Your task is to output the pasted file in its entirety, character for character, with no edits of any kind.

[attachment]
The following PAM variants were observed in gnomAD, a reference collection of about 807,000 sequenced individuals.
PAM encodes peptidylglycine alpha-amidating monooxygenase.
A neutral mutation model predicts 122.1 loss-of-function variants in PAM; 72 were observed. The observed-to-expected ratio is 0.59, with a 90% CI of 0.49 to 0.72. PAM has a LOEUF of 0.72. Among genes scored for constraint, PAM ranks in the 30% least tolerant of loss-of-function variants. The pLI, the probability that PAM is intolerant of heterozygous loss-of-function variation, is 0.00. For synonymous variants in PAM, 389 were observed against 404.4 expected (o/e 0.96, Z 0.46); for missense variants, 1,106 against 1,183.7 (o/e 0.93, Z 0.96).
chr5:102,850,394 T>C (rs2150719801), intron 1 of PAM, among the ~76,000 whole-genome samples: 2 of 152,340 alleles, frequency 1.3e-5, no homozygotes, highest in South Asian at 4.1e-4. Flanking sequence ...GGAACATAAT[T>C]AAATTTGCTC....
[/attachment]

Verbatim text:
The following PAM variants were observed in gnomAD, a reference collection of about 807,000 sequenced individuals.
PAM encodes peptidylglycine alpha-amidating monooxygenase.
A neutral mutation model predicts 122.1 loss-of-function variants in PAM; 72 were observed. The observed-to-expected ratio is 0.59, with a 90% CI of 0.49 to 0.72. PAM has a LOEUF of 0.72. Among genes scored for constraint, PAM ranks in the 30% least tolerant of loss-of-function variants. The pLI, the probability that PAM is intolerant of heterozygous loss-of-function variation, is 0.00. For synonymous variants in PAM, 389 were observed against 404.4 expected (o/e 0.96, Z 0.46); for missense variants, 1,106 against 1,183.7 (o/e 0.93, Z 0.96).
chr5:102,850,394 T>C (rs2150719801), intron 1 of PAM, among the ~76,000 whole-genome samples: 2 of 152,340 alleles, frequency 1.3e-5, no homozygotes, highest in South Asian at 4.1e-4. Flanking sequence ...GGAACATAAT[T>C]AAATTTGCTC....